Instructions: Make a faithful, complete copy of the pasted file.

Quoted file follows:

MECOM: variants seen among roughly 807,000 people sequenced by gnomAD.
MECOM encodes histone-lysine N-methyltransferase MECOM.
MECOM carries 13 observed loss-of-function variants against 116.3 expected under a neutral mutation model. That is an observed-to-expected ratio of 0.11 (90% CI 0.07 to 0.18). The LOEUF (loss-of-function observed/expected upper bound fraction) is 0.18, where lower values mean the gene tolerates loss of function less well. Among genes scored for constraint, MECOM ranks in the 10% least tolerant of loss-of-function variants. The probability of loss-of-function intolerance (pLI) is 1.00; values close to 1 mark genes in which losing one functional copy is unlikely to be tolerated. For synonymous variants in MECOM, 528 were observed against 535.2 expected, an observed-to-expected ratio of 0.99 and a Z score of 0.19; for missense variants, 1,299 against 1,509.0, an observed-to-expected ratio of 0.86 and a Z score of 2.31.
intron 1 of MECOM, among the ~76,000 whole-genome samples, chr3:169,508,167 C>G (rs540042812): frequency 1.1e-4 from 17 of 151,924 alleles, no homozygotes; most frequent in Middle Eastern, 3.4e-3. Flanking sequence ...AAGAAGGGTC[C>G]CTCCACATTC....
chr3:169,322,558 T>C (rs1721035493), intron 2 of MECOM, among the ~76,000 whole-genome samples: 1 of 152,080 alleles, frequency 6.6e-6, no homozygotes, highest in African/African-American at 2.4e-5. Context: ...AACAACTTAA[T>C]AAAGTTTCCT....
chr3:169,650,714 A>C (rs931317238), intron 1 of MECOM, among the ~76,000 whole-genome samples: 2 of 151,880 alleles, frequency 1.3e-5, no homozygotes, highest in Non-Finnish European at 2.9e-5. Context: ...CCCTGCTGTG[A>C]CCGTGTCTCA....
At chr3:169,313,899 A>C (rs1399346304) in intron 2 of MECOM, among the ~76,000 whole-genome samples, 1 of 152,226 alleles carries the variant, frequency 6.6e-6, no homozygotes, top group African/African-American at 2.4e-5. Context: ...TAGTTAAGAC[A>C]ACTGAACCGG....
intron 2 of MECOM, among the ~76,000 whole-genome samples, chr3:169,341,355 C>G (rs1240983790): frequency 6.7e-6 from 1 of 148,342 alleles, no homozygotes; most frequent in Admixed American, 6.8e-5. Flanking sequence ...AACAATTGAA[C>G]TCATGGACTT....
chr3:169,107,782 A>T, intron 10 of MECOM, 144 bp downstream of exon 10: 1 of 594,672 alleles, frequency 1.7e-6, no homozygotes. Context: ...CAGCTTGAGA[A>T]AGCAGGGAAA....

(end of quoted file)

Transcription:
MECOM: variants seen among roughly 807,000 people sequenced by gnomAD.
MECOM encodes histone-lysine N-methyltransferase MECOM.
MECOM carries 13 observed loss-of-function variants against 116.3 expected under a neutral mutation model. That is an observed-to-expected ratio of 0.11 (90% CI 0.07 to 0.18). The LOEUF (loss-of-function observed/expected upper bound fraction) is 0.18, where lower values mean the gene tolerates loss of function less well. Among genes scored for constraint, MECOM ranks in the 10% least tolerant of loss-of-function variants. The probability of loss-of-function intolerance (pLI) is 1.00; values close to 1 mark genes in which losing one functional copy is unlikely to be tolerated. For synonymous variants in MECOM, 528 were observed against 535.2 expected, an observed-to-expected ratio of 0.99 and a Z score of 0.19; for missense variants, 1,299 against 1,509.0, an observed-to-expected ratio of 0.86 and a Z score of 2.31.
intron 1 of MECOM, among the ~76,000 whole-genome samples, chr3:169,508,167 C>G (rs540042812): frequency 1.1e-4 from 17 of 151,924 alleles, no homozygotes; most frequent in Middle Eastern, 3.4e-3. Flanking sequence ...AAGAAGGGTC[C>G]CTCCACATTC....
chr3:169,322,558 T>C (rs1721035493), intron 2 of MECOM, among the ~76,000 whole-genome samples: 1 of 152,080 alleles, frequency 6.6e-6, no homozygotes, highest in African/African-American at 2.4e-5. Context: ...AACAACTTAA[T>C]AAAGTTTCCT....
chr3:169,650,714 A>C (rs931317238), intron 1 of MECOM, among the ~76,000 whole-genome samples: 2 of 151,880 alleles, frequency 1.3e-5, no homozygotes, highest in Non-Finnish European at 2.9e-5. Context: ...CCCTGCTGTG[A>C]CCGTGTCTCA....
At chr3:169,313,899 A>C (rs1399346304) in intron 2 of MECOM, among the ~76,000 whole-genome samples, 1 of 152,226 alleles carries the variant, frequency 6.6e-6, no homozygotes, top group African/African-American at 2.4e-5. Context: ...TAGTTAAGAC[A>C]ACTGAACCGG....
intron 2 of MECOM, among the ~76,000 whole-genome samples, chr3:169,341,355 C>G (rs1240983790): frequency 6.7e-6 from 1 of 148,342 alleles, no homozygotes; most frequent in Admixed American, 6.8e-5. Flanking sequence ...AACAATTGAA[C>G]TCATGGACTT....
chr3:169,107,782 A>T, intron 10 of MECOM, 144 bp downstream of exon 10: 1 of 594,672 alleles, frequency 1.7e-6, no homozygotes. Context: ...CAGCTTGAGA[A>T]AGCAGGGAAA....